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24-03-2022 | Oncology | News | Article

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Adjuvant pembrolizumab extends DFS for resectable NSCLC regardless of PD-L1 expression

Author: Lynda Williams

medwireNews: The PEARLS/KEYNOTE-091 trial has demonstrated a significant improvement in disease-free survival (DFS) with the use of adjuvant pembrolizumab versus placebo for patients with resectable non-small-cell lung cancer (NSCLC) regardless of PD-L1 expression.

Luis Paz-Ares (Hospital Universitario 12 de Octubre, Madrid, Spain) presented the results for the phase 3 study at the ESMO Virtual Plenary, saying that “pembrolizumab has the potential to be a new adjuvant treatment option for patients with stage IB (T≥4 cm) to IIIA NSCLC following complete resection and adjuvant chemotherapy when recommended.”

He explained that while pembrolizumab and concurrent radiotherapy has shown efficacy in patients with unresectable stage III NSCLC, regardless of PD-L1 expression or histology, there has been no evidence for the earlier use of pembrolizumab as an adjuvant treatment.

To investigate, the team randomly assigned patients with complete surgical resection and negative margins to receive up to 18 cycles of pembrolizumab 200 mg every 3 weeks (n=580) or placebo (n=581). The patients were stratified by receipt of up to four cycles of adjuvant platinum-based chemotherapy, disease stage, PD-L1 tumor proportion score (TPS), and geographic region.

Of note, the majority of both the pembrolizumab and control arms had nonsquamous histology (67.5 vs 61.8%), stage II disease (55.8 vs 57.6%), and received adjuvant chemotherapy (85.8 vs 85.9%). The PD-L1 TPS distribution was also similar for <1% (39.5 vs 39.5%), 1–49% (32.0 vs 32.4%), and ≥50% (28.5 vs 28.1%).

The pembrolizumab and control arms received a median of 17 and 18 doses of treatment, respectively, and were followed-up for a median of 35.6 months, reported Paz-Ares.

The coprimary endpoint of DFS in the overall population was significantly longer with pembrolizumab than placebo, at a median of 53.6 versus 42.0 months and a hazard ratio (HR) of 0.76, and the 18-month DFS rates were 73.4% versus 64.3%.

However, the coprimary endpoint of DFS in patients with a PD-L1 TPS of at least 50% was comparable in the pembrolizumab and placebo arms, with the median duration unreached in both and a nonsignificant HR of 0.82. The 18-month DFS rates were 71.7% versus 70.2%.

Paz-Ares noted that subgroup analysis of the overall population indicated that pembrolizumab was beneficial across most subgroups but this was not true for patients who did not receive adjuvant chemotherapy and those with squamous histology, albeit the confidence intervals for these subgroups were “wide.”

Interim analysis of overall survival was immature and did not show a significant difference between the pembrolizumab and placebo arms, with median durations unreached in both and 18-month rates of 91.7% and 91.3%, respectively.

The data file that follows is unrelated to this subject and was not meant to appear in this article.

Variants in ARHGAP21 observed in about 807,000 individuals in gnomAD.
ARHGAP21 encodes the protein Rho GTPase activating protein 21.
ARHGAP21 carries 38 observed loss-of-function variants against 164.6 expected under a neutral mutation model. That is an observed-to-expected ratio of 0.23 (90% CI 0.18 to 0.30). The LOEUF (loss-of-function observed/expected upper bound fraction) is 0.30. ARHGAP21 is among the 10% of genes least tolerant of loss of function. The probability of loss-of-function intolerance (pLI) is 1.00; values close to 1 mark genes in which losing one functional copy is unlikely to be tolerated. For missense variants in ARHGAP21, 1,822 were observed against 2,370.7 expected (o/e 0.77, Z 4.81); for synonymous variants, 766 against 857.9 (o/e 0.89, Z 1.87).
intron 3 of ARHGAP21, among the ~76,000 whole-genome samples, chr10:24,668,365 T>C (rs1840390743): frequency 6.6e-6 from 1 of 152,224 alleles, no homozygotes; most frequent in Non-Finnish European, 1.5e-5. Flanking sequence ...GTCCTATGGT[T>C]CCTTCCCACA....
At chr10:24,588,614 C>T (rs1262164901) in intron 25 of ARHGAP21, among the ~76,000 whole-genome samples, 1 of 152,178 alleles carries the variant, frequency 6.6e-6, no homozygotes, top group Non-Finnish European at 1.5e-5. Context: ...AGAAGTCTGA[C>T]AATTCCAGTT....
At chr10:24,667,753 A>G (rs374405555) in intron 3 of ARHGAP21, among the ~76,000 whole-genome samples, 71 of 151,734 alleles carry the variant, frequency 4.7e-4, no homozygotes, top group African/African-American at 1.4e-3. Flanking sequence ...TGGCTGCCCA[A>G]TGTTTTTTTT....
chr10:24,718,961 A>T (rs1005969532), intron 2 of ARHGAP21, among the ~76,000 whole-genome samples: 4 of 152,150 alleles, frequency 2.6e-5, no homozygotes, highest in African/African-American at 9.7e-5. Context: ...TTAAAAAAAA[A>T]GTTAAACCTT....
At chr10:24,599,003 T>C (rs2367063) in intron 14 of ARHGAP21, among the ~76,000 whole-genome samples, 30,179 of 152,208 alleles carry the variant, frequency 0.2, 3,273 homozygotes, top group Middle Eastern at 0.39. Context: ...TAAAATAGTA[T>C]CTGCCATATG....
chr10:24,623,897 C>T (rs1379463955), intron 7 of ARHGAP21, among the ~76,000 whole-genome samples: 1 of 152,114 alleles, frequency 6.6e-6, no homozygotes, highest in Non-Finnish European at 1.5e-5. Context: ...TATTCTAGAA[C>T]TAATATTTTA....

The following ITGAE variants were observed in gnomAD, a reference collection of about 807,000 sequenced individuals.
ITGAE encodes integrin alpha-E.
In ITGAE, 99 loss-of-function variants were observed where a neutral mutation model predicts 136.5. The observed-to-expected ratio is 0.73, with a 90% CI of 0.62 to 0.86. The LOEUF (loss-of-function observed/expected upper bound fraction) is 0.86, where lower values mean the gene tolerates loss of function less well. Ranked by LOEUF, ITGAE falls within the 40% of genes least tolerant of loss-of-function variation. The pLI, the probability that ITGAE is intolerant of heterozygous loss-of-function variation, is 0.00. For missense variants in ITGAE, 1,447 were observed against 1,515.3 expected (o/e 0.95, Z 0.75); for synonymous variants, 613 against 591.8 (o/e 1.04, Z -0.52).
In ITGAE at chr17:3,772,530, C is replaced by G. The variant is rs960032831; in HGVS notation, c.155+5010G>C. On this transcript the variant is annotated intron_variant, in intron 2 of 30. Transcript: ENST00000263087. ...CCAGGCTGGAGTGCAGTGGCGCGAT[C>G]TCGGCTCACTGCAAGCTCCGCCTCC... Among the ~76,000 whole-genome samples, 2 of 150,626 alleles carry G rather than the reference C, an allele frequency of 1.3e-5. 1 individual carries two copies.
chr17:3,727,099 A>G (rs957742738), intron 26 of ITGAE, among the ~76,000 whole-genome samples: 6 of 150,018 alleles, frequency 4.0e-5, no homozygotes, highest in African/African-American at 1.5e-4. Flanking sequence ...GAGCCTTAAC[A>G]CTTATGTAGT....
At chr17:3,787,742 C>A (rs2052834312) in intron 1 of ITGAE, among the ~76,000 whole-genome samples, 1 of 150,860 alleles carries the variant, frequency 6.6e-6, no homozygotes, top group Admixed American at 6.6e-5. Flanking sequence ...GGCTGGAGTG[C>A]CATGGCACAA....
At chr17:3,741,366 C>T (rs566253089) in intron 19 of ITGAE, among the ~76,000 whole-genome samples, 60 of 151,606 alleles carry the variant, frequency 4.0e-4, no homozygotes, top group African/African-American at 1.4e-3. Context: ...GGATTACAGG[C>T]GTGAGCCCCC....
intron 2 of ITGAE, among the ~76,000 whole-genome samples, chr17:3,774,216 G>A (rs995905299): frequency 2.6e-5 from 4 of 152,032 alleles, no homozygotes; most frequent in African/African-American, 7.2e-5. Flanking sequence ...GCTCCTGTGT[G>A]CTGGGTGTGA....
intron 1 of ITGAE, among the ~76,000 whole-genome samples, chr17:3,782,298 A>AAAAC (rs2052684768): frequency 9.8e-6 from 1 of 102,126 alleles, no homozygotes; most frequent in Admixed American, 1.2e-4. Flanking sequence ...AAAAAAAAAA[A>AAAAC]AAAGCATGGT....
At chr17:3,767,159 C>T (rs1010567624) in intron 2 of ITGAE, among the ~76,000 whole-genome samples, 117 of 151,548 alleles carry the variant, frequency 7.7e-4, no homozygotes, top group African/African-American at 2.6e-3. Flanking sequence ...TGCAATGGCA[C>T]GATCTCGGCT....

The presenter said the safety profile for pembrolizumab was “as expected,” with grade 3–5 adverse events (AEs) occurring in 34.1% of pembrolizumab-treated patients and 25.8% of controls. Treatment-related deaths occurred in a corresponding 0.7%, including two cases of myocarditis, and 0.0% of the treatment arms.

Pembrolizumab was also associated with a higher rate of serious AEs (24.5 vs 15.5%) and AEs leading to discontinuation (19.8 vs 5.9%) and interruption (38.1 vs 25.0%). The presenter highlighted the higher rate of immune-mediated AEs and infusion reactions with pembrolizumab, mostly at grade 1–2, including hypothyroidism (20.7 vs 4.6%), hyperthyroidism (10.7 vs 2.9%), and pneumonitis (6.9 vs 2.9%).

“Pembrolizumab provided statistically significant, clinically meaningful DFS improvement versus placebo in the overall population,” concluded Paz-Ares.

He added that both DFS in the PD-L1 defined patient groups and OS will be “tested at future analyses according to the analysis plan.”

Session discussant Martin Reck, from the LungenClinic Grosshansdorf in Germany, noted that the DFS outcomes of the PEARLS trial were “not so different” from those of the IMpower010 trial of adjuvant atezolizumab for resectable NSCLC.

However, he noted that more data are required to determine the impact of PD-L1 expression for adjuvant checkpoint inhibitor use, as well as to assess the importance of EGFR mutation status, the use of adjuvant chemotherapy and neoadjuvant therapies, and the application of ctDNA status as a biomarker.

Finally, Reck said that further research is required to confirm if there is a correlation between DFS and OS for adjuvant immuno- and targeted treatments.

medwireNews is an independent medical news service provided by Springer Healthcare Ltd. © 2022 Springer Healthcare Ltd, part of the Springer Nature Group

ESMO Virtual Plenary; 17­–18 March 2022
Ann Oncol 2022; doi: 10.1016/j.annonc.2022.02.224